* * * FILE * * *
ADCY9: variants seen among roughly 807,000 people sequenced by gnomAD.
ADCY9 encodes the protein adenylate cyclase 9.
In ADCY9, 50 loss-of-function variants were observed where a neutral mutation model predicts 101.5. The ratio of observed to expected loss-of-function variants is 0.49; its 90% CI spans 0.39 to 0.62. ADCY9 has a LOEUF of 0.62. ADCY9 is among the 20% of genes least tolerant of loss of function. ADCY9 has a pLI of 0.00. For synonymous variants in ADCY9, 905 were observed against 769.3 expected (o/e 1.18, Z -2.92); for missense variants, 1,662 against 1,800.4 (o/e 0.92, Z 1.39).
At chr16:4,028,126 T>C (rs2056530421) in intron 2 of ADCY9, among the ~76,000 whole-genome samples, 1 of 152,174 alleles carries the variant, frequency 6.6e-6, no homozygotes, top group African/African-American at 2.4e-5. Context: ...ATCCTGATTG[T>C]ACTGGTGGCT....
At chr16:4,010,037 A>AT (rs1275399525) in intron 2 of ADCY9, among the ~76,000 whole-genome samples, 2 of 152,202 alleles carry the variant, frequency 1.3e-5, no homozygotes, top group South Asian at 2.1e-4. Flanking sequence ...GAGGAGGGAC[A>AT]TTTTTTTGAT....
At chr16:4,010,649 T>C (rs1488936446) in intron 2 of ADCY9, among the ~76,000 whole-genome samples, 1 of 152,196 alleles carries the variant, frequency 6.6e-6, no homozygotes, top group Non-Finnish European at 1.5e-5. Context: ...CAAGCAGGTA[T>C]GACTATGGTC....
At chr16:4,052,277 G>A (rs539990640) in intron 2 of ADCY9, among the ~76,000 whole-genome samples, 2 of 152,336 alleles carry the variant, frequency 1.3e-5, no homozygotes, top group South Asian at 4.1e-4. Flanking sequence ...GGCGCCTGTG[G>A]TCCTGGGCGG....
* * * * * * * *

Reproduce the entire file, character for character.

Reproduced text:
ADCY9: variants seen among roughly 807,000 people sequenced by gnomAD.
ADCY9 encodes the protein adenylate cyclase 9.
In ADCY9, 50 loss-of-function variants were observed where a neutral mutation model predicts 101.5. The ratio of observed to expected loss-of-function variants is 0.49; its 90% CI spans 0.39 to 0.62. ADCY9 has a LOEUF of 0.62. ADCY9 is among the 20% of genes least tolerant of loss of function. ADCY9 has a pLI of 0.00. For synonymous variants in ADCY9, 905 were observed against 769.3 expected (o/e 1.18, Z -2.92); for missense variants, 1,662 against 1,800.4 (o/e 0.92, Z 1.39).
At chr16:4,028,126 T>C (rs2056530421) in intron 2 of ADCY9, among the ~76,000 whole-genome samples, 1 of 152,174 alleles carries the variant, frequency 6.6e-6, no homozygotes, top group African/African-American at 2.4e-5. Context: ...ATCCTGATTG[T>C]ACTGGTGGCT....
At chr16:4,010,037 A>AT (rs1275399525) in intron 2 of ADCY9, among the ~76,000 whole-genome samples, 2 of 152,202 alleles carry the variant, frequency 1.3e-5, no homozygotes, top group South Asian at 2.1e-4. Flanking sequence ...GAGGAGGGAC[A>AT]TTTTTTTGAT....
At chr16:4,010,649 T>C (rs1488936446) in intron 2 of ADCY9, among the ~76,000 whole-genome samples, 1 of 152,196 alleles carries the variant, frequency 6.6e-6, no homozygotes, top group Non-Finnish European at 1.5e-5. Context: ...CAAGCAGGTA[T>C]GACTATGGTC....
At chr16:4,052,277 G>A (rs539990640) in intron 2 of ADCY9, among the ~76,000 whole-genome samples, 2 of 152,336 alleles carry the variant, frequency 1.3e-5, no homozygotes, top group South Asian at 4.1e-4. Flanking sequence ...GGCGCCTGTG[G>A]TCCTGGGCGG....